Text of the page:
Fortunately, I do live up to my collegiate expectations in another way—I’m resourceful. I’ve since come to learn three useful things that have helped me survive school, despite the fact that I read at a snail’s pace:

Audiobooks Are Your Best Friend

If you’re forced to tackle a large amount of novels in a short amount of time, then audiobooks may be your best bet.

The great thing about them is that you’ll know just how long it’ll take you to get from start to finish, so it’s easier to factor into your busy schedule. All you have to do is press play and listen (and jot down some notes along the way, if need be).

I just tried out Amazon’s new service, Audible, and it was pretty awesome. I got through one of the books I needed for class in only four hours! It made my life so much easier. So if you have to money, I think it’s definitely worth the investment.

Skimming Doesn’t Mean Skimping

Now, I know not every homework assignment is going to mean cracking open a good story. Sometimes you have to read a textbook. Yuck.

And since listening to a textbook isn’t really an option (and even if it were, that would be super boring), the next best thing is skimming.

I had a professor freshman year teach me how to properly scan for information. It may not be a hard and fast solution that’s guaranteed to work every time, but it’s a good general rule of thumb.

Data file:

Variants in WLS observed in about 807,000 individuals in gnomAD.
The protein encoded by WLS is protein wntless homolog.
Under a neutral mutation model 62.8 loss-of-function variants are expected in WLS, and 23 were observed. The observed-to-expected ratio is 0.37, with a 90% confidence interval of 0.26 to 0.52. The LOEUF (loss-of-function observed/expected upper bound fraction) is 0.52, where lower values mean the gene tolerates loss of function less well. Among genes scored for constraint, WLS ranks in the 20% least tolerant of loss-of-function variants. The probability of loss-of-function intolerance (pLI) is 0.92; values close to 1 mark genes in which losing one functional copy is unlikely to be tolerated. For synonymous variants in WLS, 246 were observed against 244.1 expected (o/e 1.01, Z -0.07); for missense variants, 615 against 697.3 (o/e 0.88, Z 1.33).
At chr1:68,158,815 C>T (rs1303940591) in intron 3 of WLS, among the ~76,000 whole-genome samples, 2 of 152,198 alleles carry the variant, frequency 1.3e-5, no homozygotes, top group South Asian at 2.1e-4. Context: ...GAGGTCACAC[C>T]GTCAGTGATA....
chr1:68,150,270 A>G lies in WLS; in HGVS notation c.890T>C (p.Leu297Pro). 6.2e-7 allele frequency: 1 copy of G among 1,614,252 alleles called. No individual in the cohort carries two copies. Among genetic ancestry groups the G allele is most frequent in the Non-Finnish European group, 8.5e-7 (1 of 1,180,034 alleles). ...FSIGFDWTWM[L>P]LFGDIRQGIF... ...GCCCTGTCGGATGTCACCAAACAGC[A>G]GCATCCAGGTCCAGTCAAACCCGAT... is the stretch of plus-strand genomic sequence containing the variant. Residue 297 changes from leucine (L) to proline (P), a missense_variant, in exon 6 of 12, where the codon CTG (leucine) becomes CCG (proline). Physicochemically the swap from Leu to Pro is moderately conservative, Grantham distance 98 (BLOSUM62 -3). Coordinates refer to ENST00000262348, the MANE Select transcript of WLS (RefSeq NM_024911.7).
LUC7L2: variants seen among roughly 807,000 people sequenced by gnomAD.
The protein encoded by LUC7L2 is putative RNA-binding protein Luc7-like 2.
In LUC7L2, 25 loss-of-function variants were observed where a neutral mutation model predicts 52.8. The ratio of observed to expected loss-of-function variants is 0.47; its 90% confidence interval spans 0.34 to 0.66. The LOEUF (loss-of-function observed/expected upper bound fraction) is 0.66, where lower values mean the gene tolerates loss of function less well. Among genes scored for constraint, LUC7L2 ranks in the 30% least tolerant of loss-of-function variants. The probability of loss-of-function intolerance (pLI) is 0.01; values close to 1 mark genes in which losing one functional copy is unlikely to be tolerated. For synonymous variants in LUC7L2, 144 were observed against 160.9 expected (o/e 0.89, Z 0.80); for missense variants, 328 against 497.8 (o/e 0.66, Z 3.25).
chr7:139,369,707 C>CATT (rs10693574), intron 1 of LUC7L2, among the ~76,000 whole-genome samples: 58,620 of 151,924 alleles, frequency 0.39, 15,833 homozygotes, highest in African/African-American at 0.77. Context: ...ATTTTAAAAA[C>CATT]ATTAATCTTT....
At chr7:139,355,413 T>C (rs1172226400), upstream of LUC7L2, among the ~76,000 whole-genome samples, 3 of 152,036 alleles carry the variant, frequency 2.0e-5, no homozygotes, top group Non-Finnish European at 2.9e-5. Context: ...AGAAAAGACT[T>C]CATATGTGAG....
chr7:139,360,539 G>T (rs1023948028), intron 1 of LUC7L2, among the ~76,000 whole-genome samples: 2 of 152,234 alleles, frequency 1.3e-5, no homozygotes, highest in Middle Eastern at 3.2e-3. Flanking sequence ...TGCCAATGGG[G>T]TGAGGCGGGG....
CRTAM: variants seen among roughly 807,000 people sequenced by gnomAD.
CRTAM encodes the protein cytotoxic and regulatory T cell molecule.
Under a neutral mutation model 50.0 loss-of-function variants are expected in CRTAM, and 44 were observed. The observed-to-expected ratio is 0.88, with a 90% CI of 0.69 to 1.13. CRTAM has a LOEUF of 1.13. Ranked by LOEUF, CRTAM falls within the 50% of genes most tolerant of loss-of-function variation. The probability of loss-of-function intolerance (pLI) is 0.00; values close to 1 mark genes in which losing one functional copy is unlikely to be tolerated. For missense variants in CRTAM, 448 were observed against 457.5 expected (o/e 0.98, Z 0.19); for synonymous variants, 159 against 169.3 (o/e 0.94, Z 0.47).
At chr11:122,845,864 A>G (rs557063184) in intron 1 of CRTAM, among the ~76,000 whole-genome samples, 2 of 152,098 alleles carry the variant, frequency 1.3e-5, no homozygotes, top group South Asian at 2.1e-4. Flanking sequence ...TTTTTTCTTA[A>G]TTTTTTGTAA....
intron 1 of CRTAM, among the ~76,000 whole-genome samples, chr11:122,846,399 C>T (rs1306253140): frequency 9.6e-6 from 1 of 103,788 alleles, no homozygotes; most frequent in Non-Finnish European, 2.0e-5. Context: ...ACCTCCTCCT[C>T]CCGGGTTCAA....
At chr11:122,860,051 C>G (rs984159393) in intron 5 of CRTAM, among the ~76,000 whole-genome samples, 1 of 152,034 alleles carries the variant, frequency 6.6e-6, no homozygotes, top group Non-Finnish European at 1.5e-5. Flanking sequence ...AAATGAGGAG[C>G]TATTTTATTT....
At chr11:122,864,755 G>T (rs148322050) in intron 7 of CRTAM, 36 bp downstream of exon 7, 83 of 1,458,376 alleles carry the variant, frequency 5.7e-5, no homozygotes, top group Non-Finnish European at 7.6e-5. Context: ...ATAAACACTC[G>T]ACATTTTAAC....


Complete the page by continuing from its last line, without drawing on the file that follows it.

Basically, you begin by reading the introductory paragraph of any given section, and then you read the first and last sentences of the remaining paragraphs before the conclusion. You may have to go into the second sentence or go back a line before the last sentence, but typically, you’ll get the basic idea of what you need in those areas. Then, you read the concluding paragraph.

The reasoning for this method is that you’ll get introduced to all the facts you need followed by a synthesis of the main points.

To put it simply, just focus on beginnings and ends. It’ll really help you cut down on the amount of time it takes to sort through all of the material while still providing you with enough detail to understand the big picture.

Summaries Aren’t Just for Cheating

Believe it or not, SparkNotes exists for more than simply learning the premise of a story in order to avoid reading the actual book.

Summaries can be a great supplemental tool to use before diving into a dense plot.

One of the reasons it takes me so long to get from one page to another is that my brain works harder to process the information my eyes are trying to absorb. But by looking over a short synopsis of the storyline before trudging through sentences, I don’t have to spend so much time thinking about what each event is leading to because I already know what’s going to happen.

It may take way the element of surprise, but it can be more efficient than the alternative. Chances are, you’re probably not all that invested in whether or not Brutus kills Caesar anyhow.

So don’t sweat it if you can’t read as fast as everyone else. Fitting in is overrated anyways, am I right? You don’t have to be a fast reader; you just have to be a smart one.